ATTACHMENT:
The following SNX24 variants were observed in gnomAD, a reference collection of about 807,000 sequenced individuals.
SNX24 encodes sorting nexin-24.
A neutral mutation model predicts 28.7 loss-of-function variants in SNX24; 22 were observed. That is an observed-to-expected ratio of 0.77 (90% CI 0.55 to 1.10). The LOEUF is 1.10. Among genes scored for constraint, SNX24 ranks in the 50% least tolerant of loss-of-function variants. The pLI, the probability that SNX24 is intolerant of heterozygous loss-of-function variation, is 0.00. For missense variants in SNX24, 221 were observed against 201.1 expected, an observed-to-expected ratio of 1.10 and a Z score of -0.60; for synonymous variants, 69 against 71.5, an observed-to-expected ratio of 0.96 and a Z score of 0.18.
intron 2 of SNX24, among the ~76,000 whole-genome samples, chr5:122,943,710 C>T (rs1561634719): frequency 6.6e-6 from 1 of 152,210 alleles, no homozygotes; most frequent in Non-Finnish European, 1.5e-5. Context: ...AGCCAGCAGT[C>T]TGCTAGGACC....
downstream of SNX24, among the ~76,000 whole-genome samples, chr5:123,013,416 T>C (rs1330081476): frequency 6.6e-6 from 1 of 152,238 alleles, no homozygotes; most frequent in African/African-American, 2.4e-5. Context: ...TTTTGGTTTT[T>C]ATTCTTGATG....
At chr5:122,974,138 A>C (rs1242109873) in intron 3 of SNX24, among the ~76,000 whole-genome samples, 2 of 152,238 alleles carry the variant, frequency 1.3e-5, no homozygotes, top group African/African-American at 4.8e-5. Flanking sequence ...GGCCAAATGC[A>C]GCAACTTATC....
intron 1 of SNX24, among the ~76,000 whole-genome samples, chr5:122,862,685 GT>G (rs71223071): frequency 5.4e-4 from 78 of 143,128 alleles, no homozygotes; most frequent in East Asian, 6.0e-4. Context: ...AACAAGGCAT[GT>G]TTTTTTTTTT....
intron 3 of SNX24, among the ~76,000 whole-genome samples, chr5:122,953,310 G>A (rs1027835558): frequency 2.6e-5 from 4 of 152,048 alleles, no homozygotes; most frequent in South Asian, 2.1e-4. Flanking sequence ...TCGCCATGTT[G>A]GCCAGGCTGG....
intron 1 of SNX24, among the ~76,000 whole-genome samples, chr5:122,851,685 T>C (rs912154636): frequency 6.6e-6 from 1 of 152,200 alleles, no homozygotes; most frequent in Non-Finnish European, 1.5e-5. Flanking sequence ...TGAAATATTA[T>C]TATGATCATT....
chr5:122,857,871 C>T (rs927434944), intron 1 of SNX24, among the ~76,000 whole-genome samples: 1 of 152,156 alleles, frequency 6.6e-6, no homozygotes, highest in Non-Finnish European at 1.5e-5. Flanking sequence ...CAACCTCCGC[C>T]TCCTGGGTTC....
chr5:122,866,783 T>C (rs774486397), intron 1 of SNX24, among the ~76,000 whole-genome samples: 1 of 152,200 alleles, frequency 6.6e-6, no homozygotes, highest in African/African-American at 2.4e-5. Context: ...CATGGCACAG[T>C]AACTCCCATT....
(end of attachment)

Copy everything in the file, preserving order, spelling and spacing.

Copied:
The following SNX24 variants were observed in gnomAD, a reference collection of about 807,000 sequenced individuals.
SNX24 encodes sorting nexin-24.
A neutral mutation model predicts 28.7 loss-of-function variants in SNX24; 22 were observed. That is an observed-to-expected ratio of 0.77 (90% CI 0.55 to 1.10). The LOEUF is 1.10. Among genes scored for constraint, SNX24 ranks in the 50% least tolerant of loss-of-function variants. The pLI, the probability that SNX24 is intolerant of heterozygous loss-of-function variation, is 0.00. For missense variants in SNX24, 221 were observed against 201.1 expected, an observed-to-expected ratio of 1.10 and a Z score of -0.60; for synonymous variants, 69 against 71.5, an observed-to-expected ratio of 0.96 and a Z score of 0.18.
intron 2 of SNX24, among the ~76,000 whole-genome samples, chr5:122,943,710 C>T (rs1561634719): frequency 6.6e-6 from 1 of 152,210 alleles, no homozygotes; most frequent in Non-Finnish European, 1.5e-5. Context: ...AGCCAGCAGT[C>T]TGCTAGGACC....
downstream of SNX24, among the ~76,000 whole-genome samples, chr5:123,013,416 T>C (rs1330081476): frequency 6.6e-6 from 1 of 152,238 alleles, no homozygotes; most frequent in African/African-American, 2.4e-5. Context: ...TTTTGGTTTT[T>C]ATTCTTGATG....
At chr5:122,974,138 A>C (rs1242109873) in intron 3 of SNX24, among the ~76,000 whole-genome samples, 2 of 152,238 alleles carry the variant, frequency 1.3e-5, no homozygotes, top group African/African-American at 4.8e-5. Flanking sequence ...GGCCAAATGC[A>C]GCAACTTATC....
intron 1 of SNX24, among the ~76,000 whole-genome samples, chr5:122,862,685 GT>G (rs71223071): frequency 5.4e-4 from 78 of 143,128 alleles, no homozygotes; most frequent in East Asian, 6.0e-4. Context: ...AACAAGGCAT[GT>G]TTTTTTTTTT....
intron 3 of SNX24, among the ~76,000 whole-genome samples, chr5:122,953,310 G>A (rs1027835558): frequency 2.6e-5 from 4 of 152,048 alleles, no homozygotes; most frequent in South Asian, 2.1e-4. Flanking sequence ...TCGCCATGTT[G>A]GCCAGGCTGG....
intron 1 of SNX24, among the ~76,000 whole-genome samples, chr5:122,851,685 T>C (rs912154636): frequency 6.6e-6 from 1 of 152,200 alleles, no homozygotes; most frequent in Non-Finnish European, 1.5e-5. Flanking sequence ...TGAAATATTA[T>C]TATGATCATT....
chr5:122,857,871 C>T (rs927434944), intron 1 of SNX24, among the ~76,000 whole-genome samples: 1 of 152,156 alleles, frequency 6.6e-6, no homozygotes, highest in Non-Finnish European at 1.5e-5. Flanking sequence ...CAACCTCCGC[C>T]TCCTGGGTTC....
chr5:122,866,783 T>C (rs774486397), intron 1 of SNX24, among the ~76,000 whole-genome samples: 1 of 152,200 alleles, frequency 6.6e-6, no homozygotes, highest in African/African-American at 2.4e-5. Context: ...CATGGCACAG[T>C]AACTCCCATT....